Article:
Companies Counterattack Cyber Villains

Observers say that corporate “vigilantism” aimed at hackers is becoming part of a new, less passive approach to risk management.

With worries about data breaches and privacy violations mounting by the day, corporations are becoming more aggressive about preventing physical and financial losses, experts say. In some cases, they add, that can involve counterattacks against hackers

Indeed, the trend amounts to a “paradigm shift” in cyber risk management, says Larry Ponemon, chairman and founder of the Ponemon Institute, a research and consulting firm focusing on privacy and data protection.

“There are organizations that are beginning to develop the capability of identifying the bad guy using intelligence. It’s sort of like a mini-CIA at the organizational level in order [organized] to understand where the attack is originating from,” says Ponemon, a prominent information-technology researcher with a Ph.D. who served in a U.S. Navy code-breaking group during the Vietnam War.

With that intelligence in hand, such companies “can basically bring the fight to the bad guy” by aiming malware or by launching a denial-of-service attack at the servers of the potential perpetrators, he said. If an attack comes from outside the United States, companies here can also work with telecommunications companies to deflect the attack, he added.

For the most part, the changeover to a more aggressive risk management posture is a very recent development at large companies, according to the researcher. “I’ve actually sat in meetings with organizations that are doing these kinds of tactics,” said Ponemon, who would not reveal the names of the companies.

“We know of organizations that are doing it and…other organizations that aren’t actually doing it, but … collaborating with government—the Secret Service, the FBI even state law enforcement – to help them model an attack,” he added, stressing that “it’s relatively new stuff.”

Bob Parisi, the network security and privacy practice leader at Marsh, the insurance broker, also said he’s seen companies take a preemptive approach to potential cyber-attacks. However, he says, such “vigilantism has its drawbacks.”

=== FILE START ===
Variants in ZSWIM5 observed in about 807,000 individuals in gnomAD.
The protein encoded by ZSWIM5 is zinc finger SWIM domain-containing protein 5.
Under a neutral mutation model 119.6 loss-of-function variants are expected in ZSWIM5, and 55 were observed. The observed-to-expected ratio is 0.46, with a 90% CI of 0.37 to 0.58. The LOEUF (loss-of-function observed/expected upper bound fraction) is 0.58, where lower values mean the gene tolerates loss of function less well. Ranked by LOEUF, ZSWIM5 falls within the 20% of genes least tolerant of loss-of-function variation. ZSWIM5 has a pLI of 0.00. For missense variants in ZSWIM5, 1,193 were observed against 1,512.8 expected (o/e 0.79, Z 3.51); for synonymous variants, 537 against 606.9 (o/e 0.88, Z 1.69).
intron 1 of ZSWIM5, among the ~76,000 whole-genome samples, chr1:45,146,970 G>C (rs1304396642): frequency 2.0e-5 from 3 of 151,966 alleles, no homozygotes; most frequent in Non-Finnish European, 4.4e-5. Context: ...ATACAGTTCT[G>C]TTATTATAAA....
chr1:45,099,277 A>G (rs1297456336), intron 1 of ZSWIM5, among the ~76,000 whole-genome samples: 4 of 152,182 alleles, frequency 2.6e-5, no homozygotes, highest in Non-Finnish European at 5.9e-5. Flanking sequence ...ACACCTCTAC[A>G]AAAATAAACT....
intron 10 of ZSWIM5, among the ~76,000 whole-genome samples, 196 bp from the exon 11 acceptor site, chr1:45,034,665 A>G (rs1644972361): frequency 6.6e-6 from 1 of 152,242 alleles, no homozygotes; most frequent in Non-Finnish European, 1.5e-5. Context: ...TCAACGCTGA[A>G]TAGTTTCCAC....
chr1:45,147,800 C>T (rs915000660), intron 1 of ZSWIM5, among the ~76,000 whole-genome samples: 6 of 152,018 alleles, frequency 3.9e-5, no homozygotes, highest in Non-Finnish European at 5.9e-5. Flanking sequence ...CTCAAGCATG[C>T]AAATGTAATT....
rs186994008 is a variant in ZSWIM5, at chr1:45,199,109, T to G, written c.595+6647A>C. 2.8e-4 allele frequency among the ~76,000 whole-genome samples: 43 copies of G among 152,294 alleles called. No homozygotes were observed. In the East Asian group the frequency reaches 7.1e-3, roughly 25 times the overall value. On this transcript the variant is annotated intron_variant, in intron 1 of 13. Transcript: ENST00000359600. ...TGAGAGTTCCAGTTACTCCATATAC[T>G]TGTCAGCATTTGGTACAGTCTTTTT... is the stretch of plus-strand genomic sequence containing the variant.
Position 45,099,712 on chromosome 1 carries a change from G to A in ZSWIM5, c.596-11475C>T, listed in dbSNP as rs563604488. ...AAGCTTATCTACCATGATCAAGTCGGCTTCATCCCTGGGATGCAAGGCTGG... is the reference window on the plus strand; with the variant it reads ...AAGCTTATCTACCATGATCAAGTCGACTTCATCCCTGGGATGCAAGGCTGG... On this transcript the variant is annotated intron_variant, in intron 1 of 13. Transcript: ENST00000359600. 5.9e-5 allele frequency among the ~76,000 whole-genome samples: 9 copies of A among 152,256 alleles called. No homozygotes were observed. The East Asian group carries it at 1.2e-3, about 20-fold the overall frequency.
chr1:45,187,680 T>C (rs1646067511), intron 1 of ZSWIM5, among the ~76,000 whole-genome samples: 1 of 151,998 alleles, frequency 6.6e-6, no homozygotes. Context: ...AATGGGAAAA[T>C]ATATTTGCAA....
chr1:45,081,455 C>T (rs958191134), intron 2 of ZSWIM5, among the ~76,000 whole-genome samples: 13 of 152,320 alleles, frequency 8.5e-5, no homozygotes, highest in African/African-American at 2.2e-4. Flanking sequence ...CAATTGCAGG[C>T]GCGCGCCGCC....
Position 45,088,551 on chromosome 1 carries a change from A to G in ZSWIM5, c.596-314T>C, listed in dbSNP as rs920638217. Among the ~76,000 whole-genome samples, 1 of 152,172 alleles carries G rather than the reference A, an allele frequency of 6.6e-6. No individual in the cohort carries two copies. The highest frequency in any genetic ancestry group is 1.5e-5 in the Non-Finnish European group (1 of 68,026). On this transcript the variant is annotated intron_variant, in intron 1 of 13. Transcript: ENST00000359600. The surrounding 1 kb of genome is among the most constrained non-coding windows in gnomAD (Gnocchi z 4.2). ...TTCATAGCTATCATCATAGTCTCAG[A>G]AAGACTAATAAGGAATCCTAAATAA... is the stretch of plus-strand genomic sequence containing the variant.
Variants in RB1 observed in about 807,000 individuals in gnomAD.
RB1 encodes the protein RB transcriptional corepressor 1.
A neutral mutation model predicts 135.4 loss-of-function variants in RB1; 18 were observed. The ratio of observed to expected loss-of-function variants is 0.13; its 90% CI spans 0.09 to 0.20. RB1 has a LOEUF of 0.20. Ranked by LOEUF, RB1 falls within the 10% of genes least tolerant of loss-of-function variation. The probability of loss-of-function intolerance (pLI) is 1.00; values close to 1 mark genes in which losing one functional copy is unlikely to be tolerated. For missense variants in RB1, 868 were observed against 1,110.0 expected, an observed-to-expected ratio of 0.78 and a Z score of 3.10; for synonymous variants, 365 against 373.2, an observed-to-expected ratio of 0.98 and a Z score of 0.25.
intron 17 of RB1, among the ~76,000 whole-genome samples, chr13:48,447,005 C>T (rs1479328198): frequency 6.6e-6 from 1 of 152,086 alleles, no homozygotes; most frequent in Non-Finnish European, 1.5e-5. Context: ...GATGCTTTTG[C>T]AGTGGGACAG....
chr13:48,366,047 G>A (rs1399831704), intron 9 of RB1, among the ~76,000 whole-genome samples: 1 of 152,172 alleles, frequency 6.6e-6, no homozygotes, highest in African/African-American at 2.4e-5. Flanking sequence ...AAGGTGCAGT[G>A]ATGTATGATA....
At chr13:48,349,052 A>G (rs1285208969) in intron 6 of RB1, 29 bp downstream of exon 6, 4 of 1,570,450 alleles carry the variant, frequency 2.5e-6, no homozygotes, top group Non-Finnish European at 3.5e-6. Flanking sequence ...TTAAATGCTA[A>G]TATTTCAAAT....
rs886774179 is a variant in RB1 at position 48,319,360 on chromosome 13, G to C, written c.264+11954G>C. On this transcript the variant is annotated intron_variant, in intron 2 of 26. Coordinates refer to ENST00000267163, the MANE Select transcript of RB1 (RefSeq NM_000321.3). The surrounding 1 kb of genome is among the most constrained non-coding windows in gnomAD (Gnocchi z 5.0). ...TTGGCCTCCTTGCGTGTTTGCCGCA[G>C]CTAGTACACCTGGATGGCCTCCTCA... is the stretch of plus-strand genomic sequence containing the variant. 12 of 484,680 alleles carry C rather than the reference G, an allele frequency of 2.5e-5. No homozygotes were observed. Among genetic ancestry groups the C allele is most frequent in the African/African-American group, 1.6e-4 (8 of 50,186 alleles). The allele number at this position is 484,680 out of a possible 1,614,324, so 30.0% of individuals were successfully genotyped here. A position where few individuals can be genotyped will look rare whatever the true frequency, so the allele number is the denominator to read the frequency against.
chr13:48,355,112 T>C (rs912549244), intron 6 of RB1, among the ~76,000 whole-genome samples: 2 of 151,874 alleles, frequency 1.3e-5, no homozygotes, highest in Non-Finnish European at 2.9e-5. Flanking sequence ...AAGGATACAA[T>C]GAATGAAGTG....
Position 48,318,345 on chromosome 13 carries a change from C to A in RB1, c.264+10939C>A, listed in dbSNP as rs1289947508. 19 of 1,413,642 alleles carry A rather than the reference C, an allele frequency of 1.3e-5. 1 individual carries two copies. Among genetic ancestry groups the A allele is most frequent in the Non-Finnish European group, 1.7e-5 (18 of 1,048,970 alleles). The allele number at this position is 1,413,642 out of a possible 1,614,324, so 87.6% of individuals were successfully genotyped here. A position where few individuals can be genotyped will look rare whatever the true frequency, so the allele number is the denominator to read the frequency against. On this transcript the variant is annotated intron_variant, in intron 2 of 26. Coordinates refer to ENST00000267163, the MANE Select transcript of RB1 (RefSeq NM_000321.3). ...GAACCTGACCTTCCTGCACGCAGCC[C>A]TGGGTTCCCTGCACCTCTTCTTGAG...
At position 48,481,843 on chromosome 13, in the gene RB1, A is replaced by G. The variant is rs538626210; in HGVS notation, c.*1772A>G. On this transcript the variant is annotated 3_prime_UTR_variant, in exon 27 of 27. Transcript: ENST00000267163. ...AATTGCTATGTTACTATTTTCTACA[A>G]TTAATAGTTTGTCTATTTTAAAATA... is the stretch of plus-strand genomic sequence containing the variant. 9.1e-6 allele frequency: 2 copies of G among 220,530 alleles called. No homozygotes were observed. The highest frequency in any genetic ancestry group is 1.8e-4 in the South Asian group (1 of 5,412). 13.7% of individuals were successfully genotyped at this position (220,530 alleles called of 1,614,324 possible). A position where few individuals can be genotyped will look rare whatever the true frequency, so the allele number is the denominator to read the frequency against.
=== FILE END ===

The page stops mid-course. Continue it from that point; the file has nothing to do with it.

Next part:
One problem is that potential hackers can be an extremely elusive target. “The trouble is that these attackers sometimes seem a bit like smoke,” he said, noting that most attacks don’t issue from the attacker’s own computer system.

Thus, for example, a major retailer that fears an attack and acts preemptively might find that it has hit a dry-cleaning company in another part of the country, according to Parisi. “You do have the potential for serious liability,” he said.

Ponemon also sees potential problems when a U.S.-based company preemptively strikes a potential cyber-criminal in another part of the world.  “Even if you know with perfect certainty that you’re going to get attacked by a bad guy, do you have the legal right to attack first?” he asks.  

“If it’s government, you can use the rules of warfare, and the answer might be ‘yes, you can do it.’ But when it’s corporation- against-bad-guy, or corporation-against-nation-sponsored attack, it’s a little bit complex,” he said.

Nevertheless, “some organizations are actually doing it,” Ponemon added. “They’re biting the bullet and taking the risk even though a lot of legal jurisdictional [issues] haven’t been resolved.”

Pulling up the Drawbridge
In any event, the new aggressiveness seems to represent a major change in the corporate mindset about preventing hacker-generated losses. Parisi says that up until now, companies have been engaged in an essentially defensive “medieval thought process” in which the corporation, lowers its drawbridge only for friendly visitors — protecting its assets by means of firewalls and passwords.   

But that mindset is changing quickly because attackers are becoming too nimble for rigid and passive defenses, according to Ponemon. Attackers may, for example, evade a firewall against malware by programming the malware to morph into a Trojan horse, he noted.

“It can change on the drop of a dime because it’s programmed to do so,” he added.

Using a war analogy, he said that a company that uses only firewalls and controls procedures aimed at minimizing the damage after it occurs is like “a big, old tanker; you’re not a battleship or a cruiser or anything cool like that, and you don’t have any weapons.”

That’s not to say that firewalls and other forms of intrusion detection and prevention aren’t still a fundamental part of data security. What’s most needed now, according to both Ponemon and Parisi, is a flexible form of defense.

Such a defense is one “that has agility, that is resilient, that can morph a little bit in the event that the attacks change,” said Ponemon.

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